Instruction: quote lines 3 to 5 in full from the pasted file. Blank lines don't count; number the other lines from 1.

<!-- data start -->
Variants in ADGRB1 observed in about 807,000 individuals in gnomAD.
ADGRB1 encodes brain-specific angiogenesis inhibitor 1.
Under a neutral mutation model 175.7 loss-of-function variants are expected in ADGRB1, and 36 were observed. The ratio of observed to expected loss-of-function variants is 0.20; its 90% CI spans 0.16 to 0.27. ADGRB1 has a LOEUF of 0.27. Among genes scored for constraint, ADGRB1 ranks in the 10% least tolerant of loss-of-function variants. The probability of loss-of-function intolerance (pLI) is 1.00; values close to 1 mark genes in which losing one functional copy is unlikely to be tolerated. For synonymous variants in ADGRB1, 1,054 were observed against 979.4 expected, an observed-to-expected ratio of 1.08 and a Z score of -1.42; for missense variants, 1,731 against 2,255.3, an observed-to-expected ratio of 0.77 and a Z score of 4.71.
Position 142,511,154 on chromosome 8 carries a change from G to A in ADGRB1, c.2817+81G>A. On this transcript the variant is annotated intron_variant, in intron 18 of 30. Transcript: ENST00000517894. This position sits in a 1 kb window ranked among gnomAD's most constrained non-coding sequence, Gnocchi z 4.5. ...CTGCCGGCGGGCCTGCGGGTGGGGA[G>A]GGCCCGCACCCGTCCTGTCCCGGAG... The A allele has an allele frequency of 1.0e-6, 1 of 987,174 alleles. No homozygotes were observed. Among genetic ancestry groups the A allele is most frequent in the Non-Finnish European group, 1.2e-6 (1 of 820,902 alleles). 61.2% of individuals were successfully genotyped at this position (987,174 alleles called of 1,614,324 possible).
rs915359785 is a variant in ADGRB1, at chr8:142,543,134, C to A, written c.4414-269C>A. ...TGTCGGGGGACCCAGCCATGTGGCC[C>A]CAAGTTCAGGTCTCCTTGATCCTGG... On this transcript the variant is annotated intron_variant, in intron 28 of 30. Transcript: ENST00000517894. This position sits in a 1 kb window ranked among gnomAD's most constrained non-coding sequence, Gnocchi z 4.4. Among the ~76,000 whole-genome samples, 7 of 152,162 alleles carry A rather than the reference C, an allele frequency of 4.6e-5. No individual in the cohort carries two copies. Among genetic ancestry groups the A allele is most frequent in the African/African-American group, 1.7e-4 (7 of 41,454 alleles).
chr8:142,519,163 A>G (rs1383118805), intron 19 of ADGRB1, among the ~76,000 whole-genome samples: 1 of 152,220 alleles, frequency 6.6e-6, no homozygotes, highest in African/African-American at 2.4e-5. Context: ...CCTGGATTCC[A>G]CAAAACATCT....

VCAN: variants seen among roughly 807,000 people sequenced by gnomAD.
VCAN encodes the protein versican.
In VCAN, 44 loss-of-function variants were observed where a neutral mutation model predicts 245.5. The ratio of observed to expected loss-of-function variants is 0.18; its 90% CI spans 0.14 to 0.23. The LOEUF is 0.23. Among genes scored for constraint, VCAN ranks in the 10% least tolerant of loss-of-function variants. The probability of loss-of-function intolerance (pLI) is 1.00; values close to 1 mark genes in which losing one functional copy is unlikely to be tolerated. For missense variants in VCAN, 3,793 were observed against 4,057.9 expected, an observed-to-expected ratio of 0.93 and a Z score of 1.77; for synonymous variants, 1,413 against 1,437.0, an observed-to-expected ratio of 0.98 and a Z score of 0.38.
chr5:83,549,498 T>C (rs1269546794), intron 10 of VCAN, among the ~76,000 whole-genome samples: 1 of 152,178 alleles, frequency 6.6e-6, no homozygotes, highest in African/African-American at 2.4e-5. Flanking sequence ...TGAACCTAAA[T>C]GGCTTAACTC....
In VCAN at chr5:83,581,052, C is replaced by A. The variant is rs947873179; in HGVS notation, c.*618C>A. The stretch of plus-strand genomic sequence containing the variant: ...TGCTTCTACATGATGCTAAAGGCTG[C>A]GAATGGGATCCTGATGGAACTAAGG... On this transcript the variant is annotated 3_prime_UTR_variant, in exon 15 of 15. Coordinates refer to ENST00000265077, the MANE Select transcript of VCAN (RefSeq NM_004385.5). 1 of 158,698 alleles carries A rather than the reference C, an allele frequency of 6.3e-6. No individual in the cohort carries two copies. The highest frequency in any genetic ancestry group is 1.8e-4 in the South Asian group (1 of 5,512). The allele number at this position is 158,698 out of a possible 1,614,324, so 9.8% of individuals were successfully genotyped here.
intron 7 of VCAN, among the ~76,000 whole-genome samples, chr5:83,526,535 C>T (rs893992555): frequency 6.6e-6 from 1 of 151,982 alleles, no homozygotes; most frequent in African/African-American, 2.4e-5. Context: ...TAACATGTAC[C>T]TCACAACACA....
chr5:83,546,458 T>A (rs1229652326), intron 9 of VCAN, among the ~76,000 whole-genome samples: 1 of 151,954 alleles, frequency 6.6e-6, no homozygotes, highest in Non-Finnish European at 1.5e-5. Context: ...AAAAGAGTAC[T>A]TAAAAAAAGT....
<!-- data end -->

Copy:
Under a neutral mutation model 175.7 loss-of-function variants are expected in ADGRB1, and 36 were observed. The ratio of observed to expected loss-of-function variants is 0.20; its 90% CI spans 0.16 to 0.27. ADGRB1 has a LOEUF of 0.27. Among genes scored for constraint, ADGRB1 ranks in the 10% least tolerant of loss-of-function variants. The probability of loss-of-function intolerance (pLI) is 1.00; values close to 1 mark genes in which losing one functional copy is unlikely to be tolerated. For synonymous variants in ADGRB1, 1,054 were observed against 979.4 expected, an observed-to-expected ratio of 1.08 and a Z score of -1.42; for missense variants, 1,731 against 2,255.3, an observed-to-expected ratio of 0.77 and a Z score of 4.71.
Position 142,511,154 on chromosome 8 carries a change from G to A in ADGRB1, c.2817+81G>A. On this transcript the variant is annotated intron_variant, in intron 18 of 30. Transcript: ENST00000517894. This position sits in a 1 kb window ranked among gnomAD's most constrained non-coding sequence, Gnocchi z 4.5. ...CTGCCGGCGGGCCTGCGGGTGGGGA[G>A]GGCCCGCACCCGTCCTGTCCCGGAG... The A allele has an allele frequency of 1.0e-6, 1 of 987,174 alleles. No homozygotes were observed. Among genetic ancestry groups the A allele is most frequent in the Non-Finnish European group, 1.2e-6 (1 of 820,902 alleles). 61.2% of individuals were successfully genotyped at this position (987,174 alleles called of 1,614,324 possible).
rs915359785 is a variant in ADGRB1, at chr8:142,543,134, C to A, written c.4414-269C>A. ...TGTCGGGGGACCCAGCCATGTGGCC[C>A]CAAGTTCAGGTCTCCTTGATCCTGG... On this transcript the variant is annotated intron_variant, in intron 28 of 30. Transcript: ENST00000517894. This position sits in a 1 kb window ranked among gnomAD's most constrained non-coding sequence, Gnocchi z 4.4. Among the ~76,000 whole-genome samples, 7 of 152,162 alleles carry A rather than the reference C, an allele frequency of 4.6e-5. No individual in the cohort carries two copies. Among genetic ancestry groups the A allele is most frequent in the African/African-American group, 1.7e-4 (7 of 41,454 alleles).